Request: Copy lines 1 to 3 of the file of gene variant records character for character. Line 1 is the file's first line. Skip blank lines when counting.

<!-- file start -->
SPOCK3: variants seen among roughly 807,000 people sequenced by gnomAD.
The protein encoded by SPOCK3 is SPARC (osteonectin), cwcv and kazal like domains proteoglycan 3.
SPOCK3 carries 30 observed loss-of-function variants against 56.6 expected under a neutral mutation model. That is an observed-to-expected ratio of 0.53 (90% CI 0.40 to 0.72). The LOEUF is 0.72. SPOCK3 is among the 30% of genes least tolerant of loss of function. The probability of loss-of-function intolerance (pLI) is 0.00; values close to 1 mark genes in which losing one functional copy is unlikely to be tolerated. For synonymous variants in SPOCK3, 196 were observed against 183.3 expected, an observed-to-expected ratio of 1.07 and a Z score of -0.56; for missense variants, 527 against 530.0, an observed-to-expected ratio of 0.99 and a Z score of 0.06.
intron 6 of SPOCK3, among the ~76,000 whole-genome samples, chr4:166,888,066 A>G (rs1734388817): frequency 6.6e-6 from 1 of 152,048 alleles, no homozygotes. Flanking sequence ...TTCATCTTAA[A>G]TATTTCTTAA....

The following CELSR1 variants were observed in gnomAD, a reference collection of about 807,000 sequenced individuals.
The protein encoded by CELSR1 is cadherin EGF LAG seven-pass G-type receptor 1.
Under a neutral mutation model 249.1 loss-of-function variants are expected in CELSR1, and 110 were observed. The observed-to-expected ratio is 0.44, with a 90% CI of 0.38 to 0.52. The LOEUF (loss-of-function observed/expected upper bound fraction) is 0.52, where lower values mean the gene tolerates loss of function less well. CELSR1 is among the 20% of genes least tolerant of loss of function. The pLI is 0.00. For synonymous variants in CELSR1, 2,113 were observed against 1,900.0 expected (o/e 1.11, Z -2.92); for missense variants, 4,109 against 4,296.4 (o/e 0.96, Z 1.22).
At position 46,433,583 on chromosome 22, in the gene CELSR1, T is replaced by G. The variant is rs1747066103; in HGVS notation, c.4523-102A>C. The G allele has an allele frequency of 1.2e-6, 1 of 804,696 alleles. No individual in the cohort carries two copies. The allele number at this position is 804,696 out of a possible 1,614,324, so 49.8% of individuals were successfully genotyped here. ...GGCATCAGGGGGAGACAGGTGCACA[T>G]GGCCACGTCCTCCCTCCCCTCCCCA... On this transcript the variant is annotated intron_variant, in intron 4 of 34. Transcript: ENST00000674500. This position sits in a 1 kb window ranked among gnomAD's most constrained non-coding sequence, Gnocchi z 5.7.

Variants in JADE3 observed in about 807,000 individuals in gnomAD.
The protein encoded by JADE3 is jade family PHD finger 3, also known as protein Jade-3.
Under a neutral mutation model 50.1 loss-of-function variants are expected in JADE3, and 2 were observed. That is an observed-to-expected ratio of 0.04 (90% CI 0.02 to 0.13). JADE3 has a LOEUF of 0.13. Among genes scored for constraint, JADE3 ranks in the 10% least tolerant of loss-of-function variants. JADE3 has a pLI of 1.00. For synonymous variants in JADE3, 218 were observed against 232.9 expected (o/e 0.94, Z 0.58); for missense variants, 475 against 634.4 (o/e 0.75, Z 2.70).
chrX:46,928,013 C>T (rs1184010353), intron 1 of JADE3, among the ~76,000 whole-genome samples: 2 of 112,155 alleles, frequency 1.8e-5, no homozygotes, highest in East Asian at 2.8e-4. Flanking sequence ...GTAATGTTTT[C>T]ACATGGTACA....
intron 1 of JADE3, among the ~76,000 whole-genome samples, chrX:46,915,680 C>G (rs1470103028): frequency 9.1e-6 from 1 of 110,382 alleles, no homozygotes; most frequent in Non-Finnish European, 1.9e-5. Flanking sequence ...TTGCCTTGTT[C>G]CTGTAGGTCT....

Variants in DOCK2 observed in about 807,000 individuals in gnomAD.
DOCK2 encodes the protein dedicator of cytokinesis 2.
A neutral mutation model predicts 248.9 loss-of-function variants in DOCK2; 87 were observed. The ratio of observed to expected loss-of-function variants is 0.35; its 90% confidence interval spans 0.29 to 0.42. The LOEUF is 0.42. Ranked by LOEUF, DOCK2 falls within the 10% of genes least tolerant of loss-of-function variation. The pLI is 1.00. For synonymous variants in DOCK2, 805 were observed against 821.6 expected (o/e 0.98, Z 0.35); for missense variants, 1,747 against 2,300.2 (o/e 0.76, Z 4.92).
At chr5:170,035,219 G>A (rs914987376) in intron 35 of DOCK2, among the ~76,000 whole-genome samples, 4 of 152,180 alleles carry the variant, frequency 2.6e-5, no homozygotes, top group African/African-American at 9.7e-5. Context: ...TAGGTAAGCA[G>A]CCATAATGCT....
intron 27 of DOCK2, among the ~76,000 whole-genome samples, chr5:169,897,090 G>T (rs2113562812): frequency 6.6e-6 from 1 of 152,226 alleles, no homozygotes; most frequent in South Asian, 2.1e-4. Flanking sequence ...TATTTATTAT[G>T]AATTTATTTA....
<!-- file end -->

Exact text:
SPOCK3: variants seen among roughly 807,000 people sequenced by gnomAD.
The protein encoded by SPOCK3 is SPARC (osteonectin), cwcv and kazal like domains proteoglycan 3.
SPOCK3 carries 30 observed loss-of-function variants against 56.6 expected under a neutral mutation model. That is an observed-to-expected ratio of 0.53 (90% CI 0.40 to 0.72). The LOEUF is 0.72. SPOCK3 is among the 30% of genes least tolerant of loss of function. The probability of loss-of-function intolerance (pLI) is 0.00; values close to 1 mark genes in which losing one functional copy is unlikely to be tolerated. For synonymous variants in SPOCK3, 196 were observed against 183.3 expected, an observed-to-expected ratio of 1.07 and a Z score of -0.56; for missense variants, 527 against 530.0, an observed-to-expected ratio of 0.99 and a Z score of 0.06.